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Safi, Morocco

Asfi / ⴰⵙⴼⵉ / أسفي
View on the port and the coastline of Safi
View on the port and the coastline of Safi
Coat of arms of Safi
Coat of arms
Nickname(s): Asfi
Safi is located in Morocco
Location in Morocco
Country Morocco
Region Doukkala-Abda
Population (2004)
 • Total 282,227

(Berber: Asfi, ⴰⵙⴼⵉ; Arabic: أسفي‎, Portuguese: Safim) is a city in western Morocco on the Atlantic Ocean. The capital of the Doukkala-Abda Region, it has a population of 282,227 (2004 census),[1] but is also the centre of an agglomeration which has an estimated 793,000 inhabitants (1987). The city was under protectorate by the Portuguese Empire from 1488 to 1541, the fortress built by Vasco da Gama's brother-in-law to protect the city, under Portuguese rule is still there today. Safi is the main fishing port for the country's sardine industry, and also exports phosphates, textiles and ceramics

Moroccan ceramic vessel, lid is cloche-shaped, openwork metal casing fitted tightly to outside of bowl with mounted coral beads, painted in underglaze blue, " Jobbana -Butter Pot " made Safi 19th - 20th.

. During the Second World War, Safi was one of the landing sites for Operation Torch.


  • Etymology 1
  • Climate 2
  • History 3
  • Population 4
  • Sport 5
  • Notable people from Safi 6
  • See also 7
  • Gallery 8
  • References 9
  • External links 10


The city's name as it is locally pronounced is "Asfi", which was Latinized as "Safi" and "Safim" under Portuguese rule. "Asfi" means flood or river estuary in Berber and comes from the Berber root "sfi/sfey" which means to flood, to spill or to pour.

11th-century geographer Al-Idrisi gave an apparently false explanation to the origin the name "Asfi" as he linked it to the Arabic word "Asaf" (regret); Asafi (my regret). He based this claim on a strange story about some sailors from al-Andalus who sailed to discover the other end of the Atlantic ocean but got lost and landed on some island where the natives captured them and sent them back on their ships blindfolded. The ships eventually ended on the shores of "Asfi" and locals helped the lost sailors and told them that they were two months away from their native land al-Andalus. Upon hearing this one of the sailors responded by saying: "Wa asafi" (Oh my regret). Al-Idrisi wrote that from that time the city carried the name "Asafi". This story is thought to be a legend and unlikely explanation of the origin of the name.[2]


Safi has a Mediterranean climate.

Climate data for Safi
Month Jan Feb Mar Apr May Jun Jul Aug Sep Oct Nov Dec Year
Average high °C (°F) 18.2
Daily mean °C (°F) 13.0
Average low °C (°F) 7.7
Average precipitation mm (inches) 79.2
Average precipitation days 12.4 10.1 9.8 9.5 5.1 1.6 0.4 0.4 1.8 6.5 10.1 12.3 80.0
Mean monthly sunshine hours 205.5 208.5 258.7 277.8 314.4 298.0 325.8 316.5 263.0 243.6 204.1 198.7 3,116.6
Source: NOAA[3]


Safi, under the name Safim (Zaffim or Asfi), is one of the oldest cities in Morocco, hence its foundation date is unknown. According to historian Mohammed al-Kanuni, Safi must be identified with the ancient Thymiaterion or Carcunticus and was founded by the Carthaginian Hanno during his Periplus as related by Pliny the Elder.[4]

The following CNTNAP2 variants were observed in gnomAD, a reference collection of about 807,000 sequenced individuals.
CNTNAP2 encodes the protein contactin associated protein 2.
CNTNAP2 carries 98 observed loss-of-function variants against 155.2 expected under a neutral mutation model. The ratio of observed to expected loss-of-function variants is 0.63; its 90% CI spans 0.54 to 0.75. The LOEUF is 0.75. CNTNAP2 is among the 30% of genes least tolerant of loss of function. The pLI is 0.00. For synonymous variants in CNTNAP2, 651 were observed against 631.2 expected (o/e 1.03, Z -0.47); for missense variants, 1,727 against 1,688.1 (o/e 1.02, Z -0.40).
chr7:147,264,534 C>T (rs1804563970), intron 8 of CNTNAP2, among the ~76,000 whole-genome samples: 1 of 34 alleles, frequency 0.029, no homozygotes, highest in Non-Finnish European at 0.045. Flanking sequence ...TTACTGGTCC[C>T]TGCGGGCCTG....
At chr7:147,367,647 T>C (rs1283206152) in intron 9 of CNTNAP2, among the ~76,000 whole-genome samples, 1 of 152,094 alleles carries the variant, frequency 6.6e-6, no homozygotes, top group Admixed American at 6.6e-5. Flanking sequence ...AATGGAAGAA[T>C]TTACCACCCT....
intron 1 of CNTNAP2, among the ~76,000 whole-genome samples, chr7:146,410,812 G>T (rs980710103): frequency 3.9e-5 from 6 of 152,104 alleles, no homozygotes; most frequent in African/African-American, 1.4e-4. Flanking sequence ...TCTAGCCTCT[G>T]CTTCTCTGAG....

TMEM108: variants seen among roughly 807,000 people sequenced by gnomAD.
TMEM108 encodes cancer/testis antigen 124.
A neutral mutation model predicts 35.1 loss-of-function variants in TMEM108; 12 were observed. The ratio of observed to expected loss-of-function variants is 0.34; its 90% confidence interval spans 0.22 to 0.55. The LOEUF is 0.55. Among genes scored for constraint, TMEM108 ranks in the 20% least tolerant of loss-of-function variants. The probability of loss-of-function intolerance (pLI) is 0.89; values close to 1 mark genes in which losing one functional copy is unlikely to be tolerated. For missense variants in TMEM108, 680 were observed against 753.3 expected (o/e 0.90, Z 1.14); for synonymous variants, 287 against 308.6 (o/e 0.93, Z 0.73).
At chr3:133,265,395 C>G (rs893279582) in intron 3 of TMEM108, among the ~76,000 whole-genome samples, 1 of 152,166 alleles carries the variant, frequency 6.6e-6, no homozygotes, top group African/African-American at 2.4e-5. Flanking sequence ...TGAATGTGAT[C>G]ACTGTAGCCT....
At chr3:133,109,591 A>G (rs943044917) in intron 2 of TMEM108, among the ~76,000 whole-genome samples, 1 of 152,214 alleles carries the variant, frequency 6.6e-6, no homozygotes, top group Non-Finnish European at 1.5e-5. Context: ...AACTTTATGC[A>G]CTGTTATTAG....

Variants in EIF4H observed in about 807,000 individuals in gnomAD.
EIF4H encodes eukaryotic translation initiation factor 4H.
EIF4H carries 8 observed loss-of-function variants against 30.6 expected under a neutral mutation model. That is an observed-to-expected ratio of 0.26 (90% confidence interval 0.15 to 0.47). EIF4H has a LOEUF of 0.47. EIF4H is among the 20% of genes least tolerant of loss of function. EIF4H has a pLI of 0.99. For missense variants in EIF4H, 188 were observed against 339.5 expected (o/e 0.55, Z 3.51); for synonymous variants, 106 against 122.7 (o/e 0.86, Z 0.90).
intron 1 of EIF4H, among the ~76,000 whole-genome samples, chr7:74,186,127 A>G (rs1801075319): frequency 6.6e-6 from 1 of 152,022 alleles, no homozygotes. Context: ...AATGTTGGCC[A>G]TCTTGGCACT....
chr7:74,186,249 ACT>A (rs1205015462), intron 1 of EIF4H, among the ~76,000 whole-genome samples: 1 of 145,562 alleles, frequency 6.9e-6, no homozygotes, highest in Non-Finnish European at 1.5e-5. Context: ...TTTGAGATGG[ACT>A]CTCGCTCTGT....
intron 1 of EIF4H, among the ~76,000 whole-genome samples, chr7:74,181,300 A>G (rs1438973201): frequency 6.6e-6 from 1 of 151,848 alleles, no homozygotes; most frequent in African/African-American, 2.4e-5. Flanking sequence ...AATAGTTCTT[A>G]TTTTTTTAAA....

Under the Almohads it functioned as an important port to the capital Marrakesh.

The city was under Portuguese rule from 1488 to 1541; it is believed that they abandoned it to the Saadians (who were at war with them), since the city proved difficult to defend from land attacks. The Portuguese fortress built to protect the city is still there today.

After 1541, the city played a major role in Morocco as one of the safest and biggest seaports in the country. Many ambassadors to the Saadian and Alaouite kings during the 16th–18th centuries came to Morocco via Asfi; its proximity to Marrakech, then capital of Morocco, helped expand the maritime trade in the city.
Louis De Chénier, consul of the French court in Morocco in 1767, reported that the city was the only usable seaport at the time.

A French Navy captive, Bidé de Maurville, who wrote the account of his stay in Morocco in his 1765 book Relations de l'affaire de Larache, reported the presence of an important number of foreign trading houses in the city : Dutch, Danish, British and French.

After the Sultan Mohammed ben Abdallah built the city of Mogador, he banned foreign trade in all Moroccan ports except in his newly built city. Consequently, Safi stopped playing a leading role in the Moroccan trade.

Safi's patron saint is Abu Mohammed Salih.


The inhabitants are composed of Berbers and Arabs descended from the following:

  • The berbers who lived in the region before the foundation of the city.
  • The berbers who came later from the sous plains, south of the region.

Two Arab tribes namely:[5]

  • Abda: They descend from Banu Hilal of Tunisia and have been installed in the region in the twelfth century and spawned : Bhatra and Rabiaa.
  • Ahmar: They descend from Maqil of Algeria.

Also note that Safi had a large Jewish community that emigrated to France today, Canada or Israel, which at the time represented more than 20% of the population.


Football and rugby are popular sports in Safi. The local football team Olympic Safi have been competing in Morocco's premier football division, Botola, since 2004.
The Rugby Union team of the same name is one of Morocco's best, having won the "Coupe du Trône" several times.

Notable people from Safi

See also



  1. ^ 2004 Morocco Population census
  2. ^ Arabian American Oil Company, Aramco Services Company, Saudi Aramco (1991). Aramco world , Volumes 42-43. Aramco. p. 12. 
  3. ^ "Safi Climate Normals 1961–1990".  
  4. ^ Vincent J. Cornell, Realm of the Saint: Power and Authority in Moroccan Sufism, p. 326
  5. ^

External links

  • Entry in Lexicorient

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